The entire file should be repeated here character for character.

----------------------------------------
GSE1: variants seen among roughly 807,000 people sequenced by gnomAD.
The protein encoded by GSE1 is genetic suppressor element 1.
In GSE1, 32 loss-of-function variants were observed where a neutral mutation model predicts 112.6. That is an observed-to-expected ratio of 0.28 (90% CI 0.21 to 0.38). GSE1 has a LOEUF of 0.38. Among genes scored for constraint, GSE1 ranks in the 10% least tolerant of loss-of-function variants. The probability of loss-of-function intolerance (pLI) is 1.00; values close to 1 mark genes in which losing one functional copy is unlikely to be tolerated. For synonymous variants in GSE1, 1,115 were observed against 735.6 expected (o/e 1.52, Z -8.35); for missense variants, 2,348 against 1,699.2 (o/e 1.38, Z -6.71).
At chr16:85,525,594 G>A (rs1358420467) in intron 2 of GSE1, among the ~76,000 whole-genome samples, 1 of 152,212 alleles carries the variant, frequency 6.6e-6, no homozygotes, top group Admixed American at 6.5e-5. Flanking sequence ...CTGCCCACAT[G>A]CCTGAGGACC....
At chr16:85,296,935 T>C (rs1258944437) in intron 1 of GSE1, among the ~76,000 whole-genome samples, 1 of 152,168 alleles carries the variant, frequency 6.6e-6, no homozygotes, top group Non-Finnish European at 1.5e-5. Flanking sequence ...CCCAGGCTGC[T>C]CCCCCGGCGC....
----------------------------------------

GSE1: variants seen among roughly 807,000 people sequenced by gnomAD.
The protein encoded by GSE1 is genetic suppressor element 1.
In GSE1, 32 loss-of-function variants were observed where a neutral mutation model predicts 112.6. That is an observed-to-expected ratio of 0.28 (90% CI 0.21 to 0.38). GSE1 has a LOEUF of 0.38. Among genes scored for constraint, GSE1 ranks in the 10% least tolerant of loss-of-function variants. The probability of loss-of-function intolerance (pLI) is 1.00; values close to 1 mark genes in which losing one functional copy is unlikely to be tolerated. For synonymous variants in GSE1, 1,115 were observed against 735.6 expected (o/e 1.52, Z -8.35); for missense variants, 2,348 against 1,699.2 (o/e 1.38, Z -6.71).
At chr16:85,525,594 G>A (rs1358420467) in intron 2 of GSE1, among the ~76,000 whole-genome samples, 1 of 152,212 alleles carries the variant, frequency 6.6e-6, no homozygotes, top group Admixed American at 6.5e-5. Flanking sequence ...CTGCCCACAT[G>A]CCTGAGGACC....
At chr16:85,296,935 T>C (rs1258944437) in intron 1 of GSE1, among the ~76,000 whole-genome samples, 1 of 152,168 alleles carries the variant, frequency 6.6e-6, no homozygotes, top group Non-Finnish European at 1.5e-5. Flanking sequence ...CCCAGGCTGC[T>C]CCCCCGGCGC....